Everything you always wanted to know about malaria but were afraid to ask.

After reading on several blogs that Sonia Shah, author of The Body Hunters: Testing New Drugs on the World’s Poorest Patients had recently written a book on malaria I vowed to keep an eye out for it lest I come across it during one of my frequent library visits. Well, as luck would have it a few weeks ago while I was rooting through the new books at my local public library I found a copy of her book, The Fever: How Malaria Has Ruled Humankind for 500,000 Years. After finishing it late last week I’ve concluded that overall, it’s a pretty good book. While it wasn’t the most engrossing and fascinating book about infectious disease(s) I’ve encountered it was probably the best book on malaria I’ve read. But then again, I haven’t read a lot of them.

Published in 2010, Shah’s book starts with malaria’s humble beginnings eons ago as a simple chlorophyl based life form to its evolutionary transformation into its current form: the parasite plasmodium. According to Shah the next half million years it would be a constant evolutionary arms race between human and parasite to see which creature could out-evolve the other. From there Shah chronicles humanity’s attempts to fight the disease through slightly more moderns means such as medicine, insecticides and other public health measures.

But I think what will really stick with me from Shah’s book is our frustrating inability to fully conquer this dreaded disease. The author does an excellent job looking at where things went wrong, including the misapplication of antimalarial drugs; over reliance of DDT (Shah, by giving evidence that mosquitos were showing DDT resistance as early as the late 1940s she debunks the claim made by DDT advocates such as Michael Crichton that banning the insecticide led to its resurgence); the aversion of the rich nations and big pharma to gritty, hands-on but necessary field work; and lastly our reluctance/inability to fight knock off counterfeit medicines currently being sold in the developing world.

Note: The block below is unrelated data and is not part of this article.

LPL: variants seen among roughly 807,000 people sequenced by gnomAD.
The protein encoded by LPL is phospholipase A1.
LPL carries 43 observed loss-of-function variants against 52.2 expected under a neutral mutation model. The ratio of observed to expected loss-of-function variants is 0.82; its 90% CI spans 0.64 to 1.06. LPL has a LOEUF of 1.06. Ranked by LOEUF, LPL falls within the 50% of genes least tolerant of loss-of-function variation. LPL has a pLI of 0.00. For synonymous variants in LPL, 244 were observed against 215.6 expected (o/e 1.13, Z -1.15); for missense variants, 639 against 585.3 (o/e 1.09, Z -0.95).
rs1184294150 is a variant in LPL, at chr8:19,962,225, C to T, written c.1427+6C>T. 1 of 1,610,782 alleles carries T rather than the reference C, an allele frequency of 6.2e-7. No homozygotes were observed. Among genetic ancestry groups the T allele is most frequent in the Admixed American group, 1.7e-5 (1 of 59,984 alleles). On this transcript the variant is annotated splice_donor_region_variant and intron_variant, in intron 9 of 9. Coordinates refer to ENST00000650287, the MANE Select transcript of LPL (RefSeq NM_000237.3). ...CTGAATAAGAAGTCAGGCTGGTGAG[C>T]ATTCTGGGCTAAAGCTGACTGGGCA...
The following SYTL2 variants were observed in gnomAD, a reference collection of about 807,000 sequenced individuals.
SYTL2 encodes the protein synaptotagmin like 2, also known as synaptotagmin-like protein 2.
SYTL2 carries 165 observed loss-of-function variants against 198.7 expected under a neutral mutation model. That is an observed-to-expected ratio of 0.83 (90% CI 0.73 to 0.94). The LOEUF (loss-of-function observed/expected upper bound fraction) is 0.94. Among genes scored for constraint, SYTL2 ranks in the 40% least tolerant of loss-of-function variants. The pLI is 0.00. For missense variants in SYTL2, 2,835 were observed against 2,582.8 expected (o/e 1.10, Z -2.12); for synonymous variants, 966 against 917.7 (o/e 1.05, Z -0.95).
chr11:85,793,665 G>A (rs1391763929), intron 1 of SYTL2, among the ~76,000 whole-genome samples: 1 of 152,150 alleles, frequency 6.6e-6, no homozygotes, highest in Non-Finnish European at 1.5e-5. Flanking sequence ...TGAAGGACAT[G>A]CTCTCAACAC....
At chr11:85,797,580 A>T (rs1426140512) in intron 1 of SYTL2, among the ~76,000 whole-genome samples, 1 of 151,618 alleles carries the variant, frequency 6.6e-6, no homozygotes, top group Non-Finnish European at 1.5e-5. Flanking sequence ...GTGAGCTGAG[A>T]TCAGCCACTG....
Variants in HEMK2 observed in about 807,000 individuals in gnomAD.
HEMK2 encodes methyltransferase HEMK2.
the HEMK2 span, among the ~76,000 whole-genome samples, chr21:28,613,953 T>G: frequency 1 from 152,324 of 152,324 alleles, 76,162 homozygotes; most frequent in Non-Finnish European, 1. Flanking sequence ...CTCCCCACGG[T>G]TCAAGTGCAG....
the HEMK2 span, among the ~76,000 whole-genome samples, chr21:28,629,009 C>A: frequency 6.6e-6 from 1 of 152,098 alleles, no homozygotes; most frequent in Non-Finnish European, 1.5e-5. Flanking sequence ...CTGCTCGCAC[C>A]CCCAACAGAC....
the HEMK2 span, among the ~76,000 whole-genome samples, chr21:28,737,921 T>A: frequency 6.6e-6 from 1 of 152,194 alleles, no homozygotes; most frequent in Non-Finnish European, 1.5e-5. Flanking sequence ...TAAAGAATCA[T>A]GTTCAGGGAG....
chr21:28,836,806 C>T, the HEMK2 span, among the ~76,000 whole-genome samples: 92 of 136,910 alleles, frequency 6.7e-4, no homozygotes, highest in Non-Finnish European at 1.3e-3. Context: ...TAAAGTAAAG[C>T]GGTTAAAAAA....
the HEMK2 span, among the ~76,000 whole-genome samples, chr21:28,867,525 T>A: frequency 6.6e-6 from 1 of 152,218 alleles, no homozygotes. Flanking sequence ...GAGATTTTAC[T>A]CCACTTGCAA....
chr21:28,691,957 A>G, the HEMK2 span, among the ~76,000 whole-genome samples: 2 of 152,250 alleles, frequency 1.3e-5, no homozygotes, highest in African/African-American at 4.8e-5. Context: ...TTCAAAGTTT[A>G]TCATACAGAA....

As I sit in one of my favorite coffee shops writing this post I’m struggling to assign a final verdict to Shah’s book. While it didn’t rock my world, I thought her spirited and almost conversational approach, combined with her zeal as an investigative reporter thankfully set her apart from most if not dispassionate science writers. With a softcover edition of Fever released this week- and being featured along with four other books on NPR as the week’s “outstanding softcover releases“- Shah’s book will certainly get a wider audience. If that’s the case, I look forward to reading and hearing other readers’ opinions of this interesting and somewhat provocative book.

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11 Comments

Filed under History, Science

11 responses to “Everything you always wanted to know about malaria but were afraid to ask.

  1. Hmmm I’ve heard a lot about The Body Hunters (with now both Eva and you recommending it!) so I definitely want to read it. And now you’ve both read this though she enjoyed it more than you. I think I’d enjoy this one so I’ll be on the lookout for it as well. Thanks for the review and for reminding me of both!

  2. Eva

    That’s so interesting: I loved this one and found it page-turning and fascinating! 😉 But I’m glad you still got something out of reading it.

    • Thanks Eva ! You are right, i did. I believe you might have been one of the bloggers who reviewed Shah’s book. If so, thanks for bringing it to my attention !

  3. I’ve been curious about reading Shah for awhile now, ever since I found her on a list of best science writers list. I think I’ll probably start with Body Hunters though, since I’m not sure I’m in the mood to read about malaria. That seems like an odd thing to say 🙂

  4. Now I’m curious: what is the most engrossing/fascinating book on infectious diseases that you’ve ever read?

    • Good question. Preston’s The Hot Zone is a lot of fun. I’d also recommend anything by the late Robert Desowitz. Plagues and Peoples by William McNeil is a true classic. Steven Johnson’s book on the great London cholera outbreak The Ghost Map is one of my all time favorites.

      • Thanks – I’m adding these to my to-read list. I haven’t read much on infectious disease but I’m always eager to learn. And I have a few friends who love the disease books (they’re either in med school or thinking about an MPH) so I can pass on your recommendations.

  5. Pingback: Invisible Enemies: Stories of Infectious Disease by Jeanette Farrell | Maphead's Book Blog

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